“You are Wonderful”: Learning How to Be Still

Published: February 19, 2014

This year I have the privilege of interning at Arbor Acres. Arbor Acres, lovingly referred to as “the acres”, is a retirement community located just moments away from Wake Div. The community houses folks living independently in homes and apartments as well as persons living within skilled healthcare rooms or within the memory care center, Arborview.

This year I am serving as a chaplain at “the acres” – spending most of my time within the skilled healthcare and memory care centers. Before beginning my internship, I had no idea just how much my role as a chaplain in this space might stretch or transform me.

AAcenter

Over the course of the year I have found myself celebrating resident’s 100th birthdays, mourning with family at the loss of a loved one, hearing stories of life “back when”, creating meaningful artwork with folks burdened by memory loss and sharing in book studies with retired professors, beloved parents and grandparents, world travelers and a bunch of “ good ol’ clergy folk.”

In my time serving as a chaplain I have had the opportunity to walk into some of life’s most sacred moments with my residents: from offering the gift of communion, (bread crumbling and dripping,  into the mouth of one no longer able to take the bread and wine into their own hands) to holding the hand of a family member as they anticipate the final moments of their loved one’s life.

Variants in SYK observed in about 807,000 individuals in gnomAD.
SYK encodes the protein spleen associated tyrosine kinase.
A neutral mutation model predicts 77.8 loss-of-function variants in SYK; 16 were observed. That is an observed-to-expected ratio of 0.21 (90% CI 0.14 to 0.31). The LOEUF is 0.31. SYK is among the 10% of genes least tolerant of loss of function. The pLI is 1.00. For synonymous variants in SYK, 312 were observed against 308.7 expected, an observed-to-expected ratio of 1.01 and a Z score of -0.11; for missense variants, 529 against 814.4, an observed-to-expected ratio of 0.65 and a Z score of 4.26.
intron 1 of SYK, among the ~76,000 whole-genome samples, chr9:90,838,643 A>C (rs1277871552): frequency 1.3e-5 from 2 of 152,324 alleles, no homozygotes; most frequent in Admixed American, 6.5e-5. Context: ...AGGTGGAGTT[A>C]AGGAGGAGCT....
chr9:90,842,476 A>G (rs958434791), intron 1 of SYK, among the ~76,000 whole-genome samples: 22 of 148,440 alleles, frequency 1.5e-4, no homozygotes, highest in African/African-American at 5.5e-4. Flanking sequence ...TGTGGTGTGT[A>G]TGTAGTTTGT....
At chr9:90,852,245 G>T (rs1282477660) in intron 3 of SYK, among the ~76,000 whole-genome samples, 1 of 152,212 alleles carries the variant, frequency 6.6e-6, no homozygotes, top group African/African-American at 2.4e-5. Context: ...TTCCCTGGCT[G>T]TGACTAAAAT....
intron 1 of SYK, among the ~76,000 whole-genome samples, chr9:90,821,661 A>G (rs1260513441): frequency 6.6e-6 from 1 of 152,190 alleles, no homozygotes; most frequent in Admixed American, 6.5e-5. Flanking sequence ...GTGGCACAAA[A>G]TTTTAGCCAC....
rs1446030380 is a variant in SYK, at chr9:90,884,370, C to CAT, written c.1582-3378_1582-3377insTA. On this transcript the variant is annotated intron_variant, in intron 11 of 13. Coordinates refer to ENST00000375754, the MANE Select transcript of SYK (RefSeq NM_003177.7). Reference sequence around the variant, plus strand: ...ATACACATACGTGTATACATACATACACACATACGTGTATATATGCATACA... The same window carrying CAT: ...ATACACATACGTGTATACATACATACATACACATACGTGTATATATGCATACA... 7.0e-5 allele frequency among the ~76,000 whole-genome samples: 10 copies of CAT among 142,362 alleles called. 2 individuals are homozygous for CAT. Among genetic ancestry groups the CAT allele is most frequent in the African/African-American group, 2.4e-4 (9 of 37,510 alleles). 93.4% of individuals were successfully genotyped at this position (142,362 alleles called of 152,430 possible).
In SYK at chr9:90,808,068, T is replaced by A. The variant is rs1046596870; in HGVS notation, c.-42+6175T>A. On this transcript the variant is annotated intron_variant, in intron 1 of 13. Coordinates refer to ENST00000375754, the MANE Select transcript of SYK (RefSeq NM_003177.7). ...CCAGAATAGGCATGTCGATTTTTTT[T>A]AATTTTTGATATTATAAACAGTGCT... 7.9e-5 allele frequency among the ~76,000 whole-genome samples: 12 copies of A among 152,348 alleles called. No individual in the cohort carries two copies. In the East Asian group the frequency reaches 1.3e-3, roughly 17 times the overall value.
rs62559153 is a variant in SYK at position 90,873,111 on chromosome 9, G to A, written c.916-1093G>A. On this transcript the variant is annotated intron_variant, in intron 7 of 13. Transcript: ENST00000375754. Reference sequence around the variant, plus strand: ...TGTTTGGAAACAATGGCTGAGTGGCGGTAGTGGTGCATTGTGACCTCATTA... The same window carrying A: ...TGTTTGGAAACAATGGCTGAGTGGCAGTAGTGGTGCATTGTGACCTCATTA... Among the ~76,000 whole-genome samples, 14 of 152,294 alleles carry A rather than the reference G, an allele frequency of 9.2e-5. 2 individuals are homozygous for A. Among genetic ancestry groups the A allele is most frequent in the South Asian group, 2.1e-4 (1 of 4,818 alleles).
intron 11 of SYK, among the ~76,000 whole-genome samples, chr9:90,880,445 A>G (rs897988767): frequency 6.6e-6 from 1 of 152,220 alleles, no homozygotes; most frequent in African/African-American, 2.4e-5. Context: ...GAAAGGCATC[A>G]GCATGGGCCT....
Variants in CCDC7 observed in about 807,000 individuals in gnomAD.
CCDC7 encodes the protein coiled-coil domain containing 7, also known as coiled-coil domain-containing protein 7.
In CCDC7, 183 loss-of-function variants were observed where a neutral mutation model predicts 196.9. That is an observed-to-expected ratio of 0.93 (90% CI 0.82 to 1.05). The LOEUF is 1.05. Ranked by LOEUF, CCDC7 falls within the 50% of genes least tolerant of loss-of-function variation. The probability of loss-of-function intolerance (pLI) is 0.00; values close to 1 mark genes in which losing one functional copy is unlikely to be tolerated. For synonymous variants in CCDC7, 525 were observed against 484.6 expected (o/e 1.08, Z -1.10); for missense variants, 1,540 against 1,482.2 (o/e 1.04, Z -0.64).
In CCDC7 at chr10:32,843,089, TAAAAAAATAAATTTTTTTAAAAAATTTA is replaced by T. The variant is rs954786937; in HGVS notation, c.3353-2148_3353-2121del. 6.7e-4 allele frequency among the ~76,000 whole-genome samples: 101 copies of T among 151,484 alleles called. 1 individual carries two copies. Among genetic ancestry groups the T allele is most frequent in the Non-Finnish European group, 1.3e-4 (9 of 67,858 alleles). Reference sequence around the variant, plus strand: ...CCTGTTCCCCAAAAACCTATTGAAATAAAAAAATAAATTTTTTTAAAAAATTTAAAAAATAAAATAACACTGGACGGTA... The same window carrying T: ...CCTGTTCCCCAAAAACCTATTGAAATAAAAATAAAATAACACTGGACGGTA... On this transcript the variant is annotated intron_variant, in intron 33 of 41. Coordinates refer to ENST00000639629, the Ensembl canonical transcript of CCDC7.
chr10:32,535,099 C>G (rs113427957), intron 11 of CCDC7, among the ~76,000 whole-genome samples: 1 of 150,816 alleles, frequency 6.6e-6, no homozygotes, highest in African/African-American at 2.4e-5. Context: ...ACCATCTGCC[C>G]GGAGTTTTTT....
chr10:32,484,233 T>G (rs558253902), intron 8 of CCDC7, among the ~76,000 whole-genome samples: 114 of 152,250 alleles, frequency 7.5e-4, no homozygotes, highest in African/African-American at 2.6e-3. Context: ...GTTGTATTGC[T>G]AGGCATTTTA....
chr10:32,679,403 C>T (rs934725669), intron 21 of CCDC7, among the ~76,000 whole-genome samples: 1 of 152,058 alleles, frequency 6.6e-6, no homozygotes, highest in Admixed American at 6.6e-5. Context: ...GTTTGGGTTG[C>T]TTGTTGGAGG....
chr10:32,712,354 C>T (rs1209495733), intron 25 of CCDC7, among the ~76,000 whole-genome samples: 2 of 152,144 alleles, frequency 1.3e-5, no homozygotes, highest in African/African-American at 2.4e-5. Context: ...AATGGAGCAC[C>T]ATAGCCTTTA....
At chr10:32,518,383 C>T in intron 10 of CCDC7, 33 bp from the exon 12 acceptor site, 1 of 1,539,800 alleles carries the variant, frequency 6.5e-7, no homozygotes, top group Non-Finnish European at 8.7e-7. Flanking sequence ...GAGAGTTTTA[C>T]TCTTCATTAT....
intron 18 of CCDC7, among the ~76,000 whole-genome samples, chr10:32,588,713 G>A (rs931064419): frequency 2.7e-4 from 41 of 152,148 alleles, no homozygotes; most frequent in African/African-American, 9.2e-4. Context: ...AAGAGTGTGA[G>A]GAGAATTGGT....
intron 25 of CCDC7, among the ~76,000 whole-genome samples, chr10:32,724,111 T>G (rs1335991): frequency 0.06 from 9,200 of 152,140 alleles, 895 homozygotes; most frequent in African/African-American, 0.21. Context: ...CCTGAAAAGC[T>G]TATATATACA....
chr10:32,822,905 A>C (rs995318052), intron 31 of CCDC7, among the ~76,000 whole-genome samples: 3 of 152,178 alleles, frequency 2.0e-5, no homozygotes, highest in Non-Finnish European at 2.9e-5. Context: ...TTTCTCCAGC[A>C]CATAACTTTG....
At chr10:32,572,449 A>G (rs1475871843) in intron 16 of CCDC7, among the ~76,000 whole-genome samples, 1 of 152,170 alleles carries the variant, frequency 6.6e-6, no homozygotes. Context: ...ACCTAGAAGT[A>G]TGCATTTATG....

In thinking back to these moments, I find myself feeling as if there was no way I could ever be prepared to offer the right words or the perfect, loving, healing gestures. Yet, in the moment all that was needed was my presence. Throughout the semester I have found myself challenged- surely, I have thought, my presence is not enough; I could not be enough.

Just a few days back I found myself navigating the hallways ArborView, the memory care center. As I greeted the residents and staff I heard that “Mrs. B”, one of the residents was, actively dying. This news shocked and saddened me. Hours of time I had spent, hand in hand, walking the halls with Mrs. B flashed before my eyes; I could all but hear her strong yet small voice repeating, “You are wonderful,” to me over and over again as if it were any other, regular, day.

Yet this day, as I walked into her room, normalcy was gone. As she lay, breathing heavy breaths beneath her beautiful blue blanket in her softly padded bed, I walked over in tears. I grabbed Mrs. B’s lotion and softly placed it on her hands and arms, offering her only my salty tears and silent presence. Replacing her lotion on her nightstand and preparing to leave the room, knowing it was the last time I would see her face, I finally felt as if my presence was enough. My presence reminded Mrs. B that she too was wonderful; her presence taught me that silence was okay.

In all of my learning and growing at the acres I have learned one of the most powerful lessons of my div school career: when to shut my mouth and just be. Sometimes it is in shutting our mouths, quieting our brains, and just being, that the face of God shines like never before, reminding us that we all are wonderful, just the way we are.

Megan

Megan Snider
Third Year

Megan Lindsey Snider is a third year student preparing to graduate and move to Jackson, MS to work at Galloway Memorial UMC